Author Contributions

Conceptualization, H.J.A.S., N.A.G. and A.A.H.; methodology, H.J.A.S., N.A.G. and A.A.H.; software, H.J.A.S.; formal analysis, H.J.A.S., N.A.G. and A.A.H.; writing—original draft preparation, H.J.A.S.; writing—review and editing, H.J.A.S., N.A.G., R.I. and A.A.H.; visualization, H.J.A.S.; supervision, N.A.G. and R.I.; project administration, H.J.A.S., N.A.G. and A.A.H. All authors have read and agreed to the published version of the manuscript.


This research received no external funding.

Institutional Review Board Statement

The study was conducted in accordance with the Declaration of Helsinki and approved by the Institutional Review Board of Universiti Sains Malaysia (protocol code: JEPeM Code: USM/JEPeM/22040202, approved on 20 July 2022).

Data Availability Statement

Data were obtained from PubMed, MEDLINE, EMBASE, Scopus, Cochrane, Web of Science, and CINAHL, and are available on the websites.


We would like to acknowledge everyone involved directly or indirectly in the preparation of this manuscript. Our gratitude goes to the librarian who helped in facilitating the online search strategy.

Conflicts of Interest

The authors declare no conflict of interest.


  1. World Health Organization. WHO Director-General’s Remarks at the Media Briefing on 2019. 2020. Available online: (accessed on 9 April 2022).
  2. Wang, C.; Horby, P.W.; Hayden, F.G.; Gao, G.F. A novel coronavirus outbreak of global health concern. Lancet 2020, 395, 470–473. [Google Scholar] [CrossRef]
  3. World Health Organization. Coronavirus Disease (COVID-19) Pandemic. 2021. Available online: (accessed on 10 April 2022).
  4. Getahun, H.; Smith, I.; Trivedi, K.; Paulin, S.; Balkhy, H.H. Tackling antimicrobial resistance in the COVID-19 pandemic. Bull. World Health Organ. 2020, 98, 442. [Google Scholar] [CrossRef]
  5. Lynch, C.; Mahida, N.; Gray, J. Antimicrobial stewardship: A COVID casualty? J. Hosp. Inf. 2020, 106, 401–403. [Google Scholar] [CrossRef]
  6. Zavala-Flores, E.; Salcedo-Matienzo, J. Medicación prehospitalaria en pacientes hospitalizados por COVID-19 en un hospital público de Lima-Perú. Acta Méd. Peru. 2020, 37, 393–395. [Google Scholar] [CrossRef]
  7. Sharifipour, E.; Shams, S.; Esmkhani, M.; Khodadadi, J.; Fotouhi-Ardakani, R.; Koohpaei, A.; Doosti, Z.; Golzari, S.E. Evaluation of bacterial co-infections of the respiratory tract in COVID-19 patients admitted to ICU. BMC Infect. Dis. 2020, 20, 646. [Google Scholar] [CrossRef] [PubMed]
  8. Fattorini, L.; Creti, R.; Palma, C.; Pantosti, A. Bacterial coinfections in COVID-19: An underestimated adversary. Ann. Ist. Super. Sanit. 2020, 56, 359–364. [Google Scholar]
  9. Dhesi, Z.; Enne, V.I.; Brealey, D.; Livermore, D.M.; High, J.; Russell, C.; Colles, A.; Kandil, H.; Mack, D.; Martin, D.; et al. Organisms causing secondary pneumonias in COVID-19 patients at 5 UK ICUs as detected with the FilmArray test. medRxiv 2020. Available online: (accessed on 10 April 2022).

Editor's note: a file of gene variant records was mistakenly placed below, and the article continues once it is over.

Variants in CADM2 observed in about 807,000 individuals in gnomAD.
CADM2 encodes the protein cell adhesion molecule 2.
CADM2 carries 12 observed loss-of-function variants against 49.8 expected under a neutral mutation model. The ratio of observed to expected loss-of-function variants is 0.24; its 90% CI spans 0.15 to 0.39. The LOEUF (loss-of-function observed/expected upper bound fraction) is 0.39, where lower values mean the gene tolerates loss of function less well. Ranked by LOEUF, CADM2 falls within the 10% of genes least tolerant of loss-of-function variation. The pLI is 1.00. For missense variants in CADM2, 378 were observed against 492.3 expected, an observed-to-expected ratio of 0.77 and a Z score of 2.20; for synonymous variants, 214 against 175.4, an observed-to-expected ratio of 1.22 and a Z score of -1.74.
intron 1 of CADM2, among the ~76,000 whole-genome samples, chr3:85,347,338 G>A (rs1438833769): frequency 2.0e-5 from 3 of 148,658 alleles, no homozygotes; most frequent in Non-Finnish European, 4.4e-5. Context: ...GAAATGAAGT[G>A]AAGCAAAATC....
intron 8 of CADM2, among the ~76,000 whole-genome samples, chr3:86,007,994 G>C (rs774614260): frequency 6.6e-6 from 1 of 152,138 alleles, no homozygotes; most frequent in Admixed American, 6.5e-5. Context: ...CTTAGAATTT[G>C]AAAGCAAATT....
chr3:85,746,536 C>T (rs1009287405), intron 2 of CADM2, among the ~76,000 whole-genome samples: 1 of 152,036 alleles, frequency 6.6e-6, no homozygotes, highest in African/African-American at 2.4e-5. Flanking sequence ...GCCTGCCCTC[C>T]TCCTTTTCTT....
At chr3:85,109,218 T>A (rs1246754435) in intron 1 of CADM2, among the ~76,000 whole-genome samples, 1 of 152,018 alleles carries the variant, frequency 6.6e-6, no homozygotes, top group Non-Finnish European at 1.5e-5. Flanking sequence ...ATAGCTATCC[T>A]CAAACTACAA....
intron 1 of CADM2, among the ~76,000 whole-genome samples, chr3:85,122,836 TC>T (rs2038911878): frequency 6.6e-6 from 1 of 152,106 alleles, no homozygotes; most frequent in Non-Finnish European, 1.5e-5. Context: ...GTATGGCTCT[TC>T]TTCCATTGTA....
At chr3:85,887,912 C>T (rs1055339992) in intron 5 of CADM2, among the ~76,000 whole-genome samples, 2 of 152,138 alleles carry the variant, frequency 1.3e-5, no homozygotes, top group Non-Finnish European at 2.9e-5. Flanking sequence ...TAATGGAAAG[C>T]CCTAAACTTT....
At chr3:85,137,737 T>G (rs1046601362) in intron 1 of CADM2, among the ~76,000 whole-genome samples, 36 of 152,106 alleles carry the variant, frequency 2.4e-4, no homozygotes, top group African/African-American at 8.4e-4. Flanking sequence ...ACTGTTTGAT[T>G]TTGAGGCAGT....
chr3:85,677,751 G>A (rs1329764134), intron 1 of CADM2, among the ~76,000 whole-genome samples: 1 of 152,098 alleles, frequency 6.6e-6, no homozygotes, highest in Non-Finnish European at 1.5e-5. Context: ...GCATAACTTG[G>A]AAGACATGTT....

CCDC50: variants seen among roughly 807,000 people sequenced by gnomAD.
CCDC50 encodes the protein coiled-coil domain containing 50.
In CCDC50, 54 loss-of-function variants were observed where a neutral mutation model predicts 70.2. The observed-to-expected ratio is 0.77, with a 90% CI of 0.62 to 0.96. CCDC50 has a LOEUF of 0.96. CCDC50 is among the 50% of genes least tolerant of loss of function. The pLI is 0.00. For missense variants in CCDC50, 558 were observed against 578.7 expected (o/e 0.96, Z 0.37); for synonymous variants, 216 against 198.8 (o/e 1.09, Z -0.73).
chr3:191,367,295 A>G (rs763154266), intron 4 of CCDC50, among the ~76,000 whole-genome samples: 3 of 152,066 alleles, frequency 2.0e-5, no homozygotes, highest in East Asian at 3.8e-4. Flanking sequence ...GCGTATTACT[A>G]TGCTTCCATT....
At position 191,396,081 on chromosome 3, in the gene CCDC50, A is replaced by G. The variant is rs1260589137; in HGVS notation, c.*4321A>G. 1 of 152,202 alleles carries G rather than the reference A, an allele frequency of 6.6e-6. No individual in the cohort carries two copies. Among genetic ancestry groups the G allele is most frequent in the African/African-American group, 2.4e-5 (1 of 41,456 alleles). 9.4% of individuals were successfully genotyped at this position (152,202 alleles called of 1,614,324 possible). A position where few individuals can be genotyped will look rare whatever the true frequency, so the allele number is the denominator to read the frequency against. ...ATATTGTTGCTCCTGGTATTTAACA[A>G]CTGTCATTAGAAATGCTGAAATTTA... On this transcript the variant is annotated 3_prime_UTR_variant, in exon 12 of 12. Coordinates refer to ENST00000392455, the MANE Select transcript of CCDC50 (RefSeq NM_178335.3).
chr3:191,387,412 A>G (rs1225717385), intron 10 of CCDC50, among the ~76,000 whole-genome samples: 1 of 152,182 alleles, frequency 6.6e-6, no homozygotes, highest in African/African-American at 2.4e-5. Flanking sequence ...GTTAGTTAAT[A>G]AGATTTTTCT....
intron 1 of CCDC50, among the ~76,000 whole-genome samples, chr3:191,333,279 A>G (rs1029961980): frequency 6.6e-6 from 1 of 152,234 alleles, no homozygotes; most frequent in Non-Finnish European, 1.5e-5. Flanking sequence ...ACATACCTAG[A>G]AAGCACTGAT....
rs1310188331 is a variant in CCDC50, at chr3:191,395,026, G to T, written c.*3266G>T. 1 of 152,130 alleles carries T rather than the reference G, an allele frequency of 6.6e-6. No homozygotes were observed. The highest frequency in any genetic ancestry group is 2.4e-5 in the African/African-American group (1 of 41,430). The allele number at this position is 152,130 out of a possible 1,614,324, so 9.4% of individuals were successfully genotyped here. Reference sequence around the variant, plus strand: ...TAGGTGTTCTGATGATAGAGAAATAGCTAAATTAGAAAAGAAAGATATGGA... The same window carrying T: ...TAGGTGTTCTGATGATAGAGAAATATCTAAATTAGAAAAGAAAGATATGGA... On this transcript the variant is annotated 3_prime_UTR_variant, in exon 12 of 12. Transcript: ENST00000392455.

10. Dudoignon, E.; Caméléna, F.; Deniau, B.; Habay, A.; Coutrot, M.; Ressaire, Q.; Plaud, B.; Berçot, B.; Dépret, F. Bacterial pneumonia in COVID-19 critically ill patients: A case series. Clin. Infect. Dis. 2021, 72, 905–906. [Google Scholar] [CrossRef]
  11. Rawson, T.M.; Moore, L.S.P.; Zhu, N.; Ranganathan, N.; Skolimowska, K.; Gilchrist, M.; Satta, G.; Cooke, G.; Holmes, A.H. Bacterial and Fungal Coinfection in Individuals With Coronavirus: A Rapid Review To Support COVID-19 Antimicrobial Prescribing. Clin. Infect. Dis. 2020, 71, 2459–2468. [Google Scholar] [CrossRef]
  12. Abelenda-Alonso, G.; Padullés, A.; Rombauts, A.; Gudiol, C.; Pujol, M.; Alvarez-Pouso, C.; Jodar, R.; Carratalà, J. Antibiotic prescription during the COVID-19 pandemic: A biphasic pattern. In Infection Control and Hospital Epidemiology; Cambridge University Press: Cambridge, UK, 2020; Volume 41, pp. 1371–1372. [Google Scholar]
  13. Aurilio, C.; Sansone, P.; Paladini, A.; Barbarisi, M.; Coppolino, F.; Pota, V.; Pace, M. Multidrug Resistence Prevalence in COVID Area. Life 2021, 11, 601. [Google Scholar] [CrossRef]
  14. Gaspar, G.G.; Ferreira, L.R.; Feliciano, C.S.; Júnior, C.P.C.; Molina, F.M.R.; Vendruscolo, A.C.S.; Bradan, G.M.A.; Lopes, N.A.P.; Martinez, R.; Bollela, V.R. Pre- and post-COVID-19 evaluation of antimicrobial susceptibility for healthcare-associated infections in the intensive care unit of a tertiary hospital. Rev. Soc. Bras. Med. Trop. 2021, 54, e00902021. [Google Scholar] [CrossRef]
  15. Fernández, P.; Moreno, L.; Yagüe, G.; Andreu, E.; Jara, R.; Segovia, M. Colonization by multidrug-resistant microorganisms in ICU patients during the COVID-19 pandemic. Med. Intensiva 2021, 45, 313–315. [Google Scholar] [CrossRef] [PubMed]